Hi, Steffen -- I was after something a little deeper, such as a user-defined numerical class (sketching, now), say logarithmic doubles, in which operator * is mapped to arithmetic + on doubles. I couldn't find a way to make Viterbi generic over both user-supplied classes with operator overloads AND over built-in types, where operators are not the same kind of thing as operator overloads. I could wrapper all the built-in types with operator * that maps to * etc., but that's a lot of work. That's essentially implementing my own "Numeric Tower" over the CLR basic types, and it didn't seem worth it to me to get a corner case like logarithmic double. Maybe there *is* a way, I just couldn't find it. Now I'm going to look at Richard.Hein's link
Edit: just an aside about why logarithmic doubles might be valuable: multiplying a bunch of small probabilities over and over eventually underflows doubles. Bad. Sometimes better to add logarithms of probabilities to get the log of the product of the probabilities.
Just had another little thought -- Since Viterbi is modifying its internal variables V and Path as observations present themselves in OnNext, Viterbi is, itself a little monad. It could inherit from the state monad or just built up on its own, but the point is that the OnNext function on the surface would internally call "Bind" or "SelectMany" on the Viterbi monad, that is, OnNext would just call the LINQ provider of Viterbi! This might shrink and robustify the code even more.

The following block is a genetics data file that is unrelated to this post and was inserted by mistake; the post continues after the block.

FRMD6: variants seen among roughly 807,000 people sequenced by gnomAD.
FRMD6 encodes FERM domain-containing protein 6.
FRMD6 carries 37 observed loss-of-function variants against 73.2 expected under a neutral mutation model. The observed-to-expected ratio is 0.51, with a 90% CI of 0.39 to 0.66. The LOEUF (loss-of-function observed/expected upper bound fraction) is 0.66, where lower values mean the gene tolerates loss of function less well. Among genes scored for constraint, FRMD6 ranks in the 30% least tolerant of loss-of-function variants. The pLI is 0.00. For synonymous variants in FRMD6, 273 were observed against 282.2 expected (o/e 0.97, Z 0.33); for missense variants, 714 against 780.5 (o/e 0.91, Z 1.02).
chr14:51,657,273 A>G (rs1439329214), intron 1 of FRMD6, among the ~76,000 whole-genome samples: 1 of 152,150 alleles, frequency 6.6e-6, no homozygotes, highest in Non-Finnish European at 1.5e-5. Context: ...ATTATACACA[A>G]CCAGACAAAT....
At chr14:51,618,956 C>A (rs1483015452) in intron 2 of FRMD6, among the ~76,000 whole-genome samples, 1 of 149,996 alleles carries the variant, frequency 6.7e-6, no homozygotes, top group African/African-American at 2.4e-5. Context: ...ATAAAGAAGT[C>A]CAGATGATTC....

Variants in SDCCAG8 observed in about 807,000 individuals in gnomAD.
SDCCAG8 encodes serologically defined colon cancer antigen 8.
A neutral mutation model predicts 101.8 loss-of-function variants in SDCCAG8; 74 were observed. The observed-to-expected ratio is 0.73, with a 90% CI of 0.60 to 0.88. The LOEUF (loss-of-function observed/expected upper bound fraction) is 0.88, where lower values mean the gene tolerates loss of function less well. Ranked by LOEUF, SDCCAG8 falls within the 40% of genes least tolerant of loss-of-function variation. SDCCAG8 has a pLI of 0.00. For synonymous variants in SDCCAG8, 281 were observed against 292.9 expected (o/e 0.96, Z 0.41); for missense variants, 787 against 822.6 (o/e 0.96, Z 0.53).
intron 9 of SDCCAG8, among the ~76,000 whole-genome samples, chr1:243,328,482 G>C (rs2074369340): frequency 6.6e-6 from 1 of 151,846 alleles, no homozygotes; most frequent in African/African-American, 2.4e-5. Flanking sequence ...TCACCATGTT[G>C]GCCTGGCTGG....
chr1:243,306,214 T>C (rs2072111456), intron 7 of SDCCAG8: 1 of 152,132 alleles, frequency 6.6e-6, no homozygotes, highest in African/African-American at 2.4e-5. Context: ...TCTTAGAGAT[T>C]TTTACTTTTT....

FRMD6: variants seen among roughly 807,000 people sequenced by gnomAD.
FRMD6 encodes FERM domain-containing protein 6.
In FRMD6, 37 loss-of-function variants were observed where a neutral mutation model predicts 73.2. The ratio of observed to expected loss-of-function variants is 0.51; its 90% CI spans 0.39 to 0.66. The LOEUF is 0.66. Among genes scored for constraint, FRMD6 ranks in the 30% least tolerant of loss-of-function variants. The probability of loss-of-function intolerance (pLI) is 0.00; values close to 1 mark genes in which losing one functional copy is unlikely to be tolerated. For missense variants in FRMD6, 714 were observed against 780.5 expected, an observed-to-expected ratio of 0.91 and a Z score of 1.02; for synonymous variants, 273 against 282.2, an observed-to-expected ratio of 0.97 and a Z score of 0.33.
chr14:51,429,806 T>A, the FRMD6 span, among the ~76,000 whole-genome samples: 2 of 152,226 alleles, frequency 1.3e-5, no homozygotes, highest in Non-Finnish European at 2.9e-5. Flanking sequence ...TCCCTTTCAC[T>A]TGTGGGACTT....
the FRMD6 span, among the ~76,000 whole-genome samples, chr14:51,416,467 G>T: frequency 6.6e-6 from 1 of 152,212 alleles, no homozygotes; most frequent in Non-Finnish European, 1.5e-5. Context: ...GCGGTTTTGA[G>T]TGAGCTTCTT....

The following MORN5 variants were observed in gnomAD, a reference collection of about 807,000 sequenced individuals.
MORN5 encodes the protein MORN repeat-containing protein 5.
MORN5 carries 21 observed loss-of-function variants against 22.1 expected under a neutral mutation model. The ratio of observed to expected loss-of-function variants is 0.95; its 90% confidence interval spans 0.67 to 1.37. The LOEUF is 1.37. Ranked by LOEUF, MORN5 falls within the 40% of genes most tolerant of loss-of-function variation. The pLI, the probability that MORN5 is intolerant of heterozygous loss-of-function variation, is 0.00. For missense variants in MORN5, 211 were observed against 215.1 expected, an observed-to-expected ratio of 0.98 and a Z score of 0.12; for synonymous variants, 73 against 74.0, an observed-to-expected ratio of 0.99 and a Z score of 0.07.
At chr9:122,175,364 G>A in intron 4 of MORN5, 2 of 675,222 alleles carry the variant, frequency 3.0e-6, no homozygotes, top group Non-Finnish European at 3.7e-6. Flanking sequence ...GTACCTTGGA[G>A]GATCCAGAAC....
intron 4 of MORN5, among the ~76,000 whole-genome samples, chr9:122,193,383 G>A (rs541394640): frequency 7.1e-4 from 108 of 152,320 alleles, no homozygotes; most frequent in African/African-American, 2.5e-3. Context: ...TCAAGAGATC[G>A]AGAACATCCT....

I also found out it's possible to go generic on numeric types in F# IFF the methods are INLINED. That's because the compiler just "pastes" the inlined code after resolving the generic type, and then the normal method lookup finds the appropriate operator implementations. Not sure if this approach is available in C#.
@JoshRoss: you will also need "transition probabilities," which you can get from digram frequencies (frequencies of word pairs). One really cool way to get these is to analyze free texts on project gutenberg (public-domain ebooks as plain text!).
@jordanterrell: Yes, yes, yes, PROFILE to find perf bottlenecks! I jumped straight from the art code to the opposite extreme of in-place mutation, but did not profile the art code, just assumed that spinning up closures in State was the culprit.
And 100% agree that the provability and reliability of monadic functional code is worth it in many (most?) circumstances. On the perf critical path, profile and compromise as needed, focusing on implementation innards.
@AdamSpeight2008:looks like Option<T> is F#'s implementation of the Maybe monad -- different in name only, so far as I can see. They even have a good fraction of the LINQ operators implemented on it. I hope to be able to say more about F#, in general, after getting some more seat time with it.